October 3, 2022
House passes $555 billion infrastructure bill and sends it to Biden’s desk
The House passed a $555 billion infrastructure bill on Friday night, sending the legislation to President Joe Biden who is expected to quickly sign the measure into law.The funding package, which passed 228 to 206 and relied on Republican votes to get across the finish line, will ramp up government spending on roads, bridges and…

The House passed a $555 trillion infrastructure bill Friday evening. President Joe Biden is expected to sign the bill into law quickly.

The funding package, which passed 228 to 206 and relied on Republican votes to get across the finish line, will ramp up government spending on roads, bridges and airports, as well as funding for public transit, water and broadband.

Six Democrats voted against the measure and 13 Republicans voted in favor. Progressive members were dissatisfied that the bill was being considered before passage of a $1. 75 trillion social safety net spending bill. The vote gives Biden victory over a major bipartisan bill. However, it took months for Congress to pass and exposed deep divisions within the Democratic Party. In August, the Senate passed the bill . However, it was stalled for months by House progressives fighting with Democratic centrists.

Biden released a statement praising Friday’s House vote. He said that the bill would tackle the climate crisis and create jobs. It will also “ease inflation pressures” and lower the costs of working families. “

Biden called on the House Democrats to pass the infrastructure package as well as the social policy measure (also known under the Build Back Better bill).

“I am asking all members of the House of Representatives, to vote Yes on both of these bills immediately,” Biden stated during remarks from White House. “Send the Infrastructure bill to my desk and send the Build Back better bill to the Senate. Let’s build on incredible economic progress, build on what we’ve already done because this will be such a boost when it occurs.”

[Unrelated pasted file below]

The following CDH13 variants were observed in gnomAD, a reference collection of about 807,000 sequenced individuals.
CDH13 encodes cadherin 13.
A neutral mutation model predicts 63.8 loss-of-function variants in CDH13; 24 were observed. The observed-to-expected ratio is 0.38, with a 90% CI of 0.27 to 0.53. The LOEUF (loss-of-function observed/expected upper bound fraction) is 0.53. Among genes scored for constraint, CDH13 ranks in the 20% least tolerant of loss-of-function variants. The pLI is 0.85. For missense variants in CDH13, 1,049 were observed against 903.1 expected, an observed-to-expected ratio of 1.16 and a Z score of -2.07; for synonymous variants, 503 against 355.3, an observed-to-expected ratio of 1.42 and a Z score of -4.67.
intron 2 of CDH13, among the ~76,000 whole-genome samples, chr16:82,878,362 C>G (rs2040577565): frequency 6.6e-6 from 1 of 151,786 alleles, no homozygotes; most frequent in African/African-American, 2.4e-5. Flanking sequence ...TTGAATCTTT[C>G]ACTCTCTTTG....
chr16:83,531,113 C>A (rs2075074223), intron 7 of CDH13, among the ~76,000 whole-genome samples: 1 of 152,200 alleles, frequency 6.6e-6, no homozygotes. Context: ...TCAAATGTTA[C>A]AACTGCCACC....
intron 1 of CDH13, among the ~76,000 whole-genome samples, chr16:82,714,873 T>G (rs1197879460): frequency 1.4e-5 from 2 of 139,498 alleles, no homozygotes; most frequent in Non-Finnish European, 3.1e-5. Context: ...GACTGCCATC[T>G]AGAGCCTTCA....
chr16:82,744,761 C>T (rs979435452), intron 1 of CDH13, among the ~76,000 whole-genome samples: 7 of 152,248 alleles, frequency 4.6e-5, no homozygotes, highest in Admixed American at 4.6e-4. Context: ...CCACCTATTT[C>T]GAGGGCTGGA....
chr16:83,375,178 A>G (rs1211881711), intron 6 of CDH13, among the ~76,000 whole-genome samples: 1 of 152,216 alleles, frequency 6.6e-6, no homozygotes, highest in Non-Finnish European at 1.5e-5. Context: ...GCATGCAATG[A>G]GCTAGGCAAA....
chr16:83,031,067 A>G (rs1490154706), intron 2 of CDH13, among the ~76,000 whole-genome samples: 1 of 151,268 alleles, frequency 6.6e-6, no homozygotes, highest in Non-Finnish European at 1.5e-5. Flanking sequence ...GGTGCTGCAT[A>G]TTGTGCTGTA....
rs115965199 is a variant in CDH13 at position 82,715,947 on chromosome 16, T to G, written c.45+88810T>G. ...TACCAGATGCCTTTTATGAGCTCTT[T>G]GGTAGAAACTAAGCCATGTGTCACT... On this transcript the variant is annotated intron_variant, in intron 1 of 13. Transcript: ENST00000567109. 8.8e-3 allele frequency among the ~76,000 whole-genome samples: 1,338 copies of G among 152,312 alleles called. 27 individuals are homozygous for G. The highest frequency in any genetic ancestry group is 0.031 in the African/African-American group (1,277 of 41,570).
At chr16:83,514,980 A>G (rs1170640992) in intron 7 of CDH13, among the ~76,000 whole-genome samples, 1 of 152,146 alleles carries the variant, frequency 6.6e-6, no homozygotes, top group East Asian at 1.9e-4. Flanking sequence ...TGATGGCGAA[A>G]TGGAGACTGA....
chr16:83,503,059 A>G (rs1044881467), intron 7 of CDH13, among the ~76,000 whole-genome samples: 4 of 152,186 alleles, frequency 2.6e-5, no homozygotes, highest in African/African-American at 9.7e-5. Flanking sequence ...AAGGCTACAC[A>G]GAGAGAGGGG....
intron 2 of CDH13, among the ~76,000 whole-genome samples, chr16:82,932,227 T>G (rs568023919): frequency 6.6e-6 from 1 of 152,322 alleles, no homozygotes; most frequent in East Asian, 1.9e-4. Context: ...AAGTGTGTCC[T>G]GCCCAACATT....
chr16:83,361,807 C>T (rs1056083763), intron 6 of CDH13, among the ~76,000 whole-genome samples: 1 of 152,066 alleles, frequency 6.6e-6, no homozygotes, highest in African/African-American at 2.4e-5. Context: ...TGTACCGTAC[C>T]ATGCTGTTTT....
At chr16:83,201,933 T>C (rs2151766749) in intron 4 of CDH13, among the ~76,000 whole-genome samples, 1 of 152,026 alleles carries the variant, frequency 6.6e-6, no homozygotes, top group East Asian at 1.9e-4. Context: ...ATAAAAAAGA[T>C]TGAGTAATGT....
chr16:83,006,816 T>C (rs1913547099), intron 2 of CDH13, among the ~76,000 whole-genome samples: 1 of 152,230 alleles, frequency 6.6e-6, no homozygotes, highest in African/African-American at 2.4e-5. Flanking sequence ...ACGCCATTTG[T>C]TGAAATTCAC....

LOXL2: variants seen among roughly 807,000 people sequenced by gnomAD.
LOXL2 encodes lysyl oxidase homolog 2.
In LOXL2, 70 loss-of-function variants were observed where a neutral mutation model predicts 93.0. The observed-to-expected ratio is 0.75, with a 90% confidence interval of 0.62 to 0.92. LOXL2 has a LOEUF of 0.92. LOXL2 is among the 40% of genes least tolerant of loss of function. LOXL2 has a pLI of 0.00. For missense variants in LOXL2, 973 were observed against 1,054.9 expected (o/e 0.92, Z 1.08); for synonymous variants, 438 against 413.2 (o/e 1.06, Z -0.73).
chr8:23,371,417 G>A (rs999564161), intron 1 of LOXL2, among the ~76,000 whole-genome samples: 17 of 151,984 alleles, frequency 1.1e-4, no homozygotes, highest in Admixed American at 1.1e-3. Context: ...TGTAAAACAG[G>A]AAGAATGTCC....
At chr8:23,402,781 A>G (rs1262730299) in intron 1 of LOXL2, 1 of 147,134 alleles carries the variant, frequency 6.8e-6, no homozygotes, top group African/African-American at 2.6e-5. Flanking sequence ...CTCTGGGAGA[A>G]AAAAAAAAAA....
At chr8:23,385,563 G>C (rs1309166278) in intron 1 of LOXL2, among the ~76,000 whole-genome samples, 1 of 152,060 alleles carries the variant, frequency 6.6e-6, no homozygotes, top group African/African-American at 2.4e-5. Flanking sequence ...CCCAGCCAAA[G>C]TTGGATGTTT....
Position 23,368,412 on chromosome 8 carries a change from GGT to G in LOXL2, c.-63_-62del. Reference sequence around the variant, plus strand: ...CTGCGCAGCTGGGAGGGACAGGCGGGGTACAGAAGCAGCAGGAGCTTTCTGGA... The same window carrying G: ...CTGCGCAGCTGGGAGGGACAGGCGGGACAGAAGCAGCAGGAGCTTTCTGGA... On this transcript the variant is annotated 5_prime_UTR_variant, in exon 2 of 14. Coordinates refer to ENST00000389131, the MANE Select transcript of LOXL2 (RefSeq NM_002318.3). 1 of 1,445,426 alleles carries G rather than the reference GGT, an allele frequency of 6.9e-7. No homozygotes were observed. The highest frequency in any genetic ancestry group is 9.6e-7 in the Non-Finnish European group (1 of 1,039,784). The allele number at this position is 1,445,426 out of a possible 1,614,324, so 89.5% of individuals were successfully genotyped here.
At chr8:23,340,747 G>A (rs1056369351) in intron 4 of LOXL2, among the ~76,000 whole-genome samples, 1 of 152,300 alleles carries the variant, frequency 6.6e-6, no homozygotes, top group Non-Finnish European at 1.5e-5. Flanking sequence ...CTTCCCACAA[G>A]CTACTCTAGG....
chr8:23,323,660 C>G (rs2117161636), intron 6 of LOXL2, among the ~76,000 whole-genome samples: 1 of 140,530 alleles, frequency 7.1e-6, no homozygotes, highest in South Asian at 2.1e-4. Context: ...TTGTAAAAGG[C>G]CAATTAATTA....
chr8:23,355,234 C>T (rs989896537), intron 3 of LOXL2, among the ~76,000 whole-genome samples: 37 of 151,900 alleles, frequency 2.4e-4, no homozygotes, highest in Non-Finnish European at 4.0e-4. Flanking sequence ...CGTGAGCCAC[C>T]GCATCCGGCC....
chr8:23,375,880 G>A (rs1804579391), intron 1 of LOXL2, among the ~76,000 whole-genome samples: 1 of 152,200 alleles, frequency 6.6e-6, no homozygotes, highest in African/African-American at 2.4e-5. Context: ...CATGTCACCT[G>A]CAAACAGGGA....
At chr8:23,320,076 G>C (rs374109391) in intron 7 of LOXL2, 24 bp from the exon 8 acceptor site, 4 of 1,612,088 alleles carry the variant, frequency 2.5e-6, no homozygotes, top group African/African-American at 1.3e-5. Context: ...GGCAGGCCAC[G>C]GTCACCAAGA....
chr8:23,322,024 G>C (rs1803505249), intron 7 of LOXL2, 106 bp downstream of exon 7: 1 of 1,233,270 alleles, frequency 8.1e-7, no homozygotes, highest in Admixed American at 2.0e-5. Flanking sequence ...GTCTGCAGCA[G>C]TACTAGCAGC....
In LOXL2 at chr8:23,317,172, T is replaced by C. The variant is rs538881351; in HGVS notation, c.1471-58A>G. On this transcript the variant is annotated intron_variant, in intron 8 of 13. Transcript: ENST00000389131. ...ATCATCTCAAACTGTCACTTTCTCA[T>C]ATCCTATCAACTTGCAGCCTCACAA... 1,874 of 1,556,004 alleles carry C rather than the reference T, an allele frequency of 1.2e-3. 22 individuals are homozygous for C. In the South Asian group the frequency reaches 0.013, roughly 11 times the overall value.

House leadership later decided to push back the vote on the safety net bill due to several moderates insisting on first seeing a Congressional Budget Office cost estimate of the legislation to ensure the bill is fully paid for. Given their small majority in Congress, Democrats can’t afford to lose more that a few defections.

Progressives, however, wanted the infrastructure package to be linked to the social spending plan out of concern that passing infrastructure first would weaken their leverage in shaping and advancing the Build Back Better bill.

Democrats now want to vote on the safety net bill by Thanksgiving. House passage would send the legislation to the Senate, where it will need the support of all 50 Democrats to find its way to Biden’s desk.

House Speaker Nancy Pelosi (D-Calif.) called the bills “historic” shortly before they were voted on the House floor. She stated that the bills will create millions of jobs for working families and provide them with the support of all Democrats.

In August, the Senate voted 69 to 30 to pass the infrastructure bill, with 19 Republicans joining all Democrats. The spending package would increase federal spending on roads and bridges, as well energy systems and transit programs. It would establish a program to build and repair rural bridges, as well as one to increase internet connectivity in Tribal communities and rural areas. It would also provide funding for water system protection, especially in low-income communities.

The Congressional Budget Office estimates the legislation would add $256 billion to the federal deficit over a 10-year span.

Dartunorro Clark covers politics, including the Covid-19 recovery, for NBC News.

Sahil Kapur is a national political reporter for NBC News.

Leave a Reply

Your email address will not be published.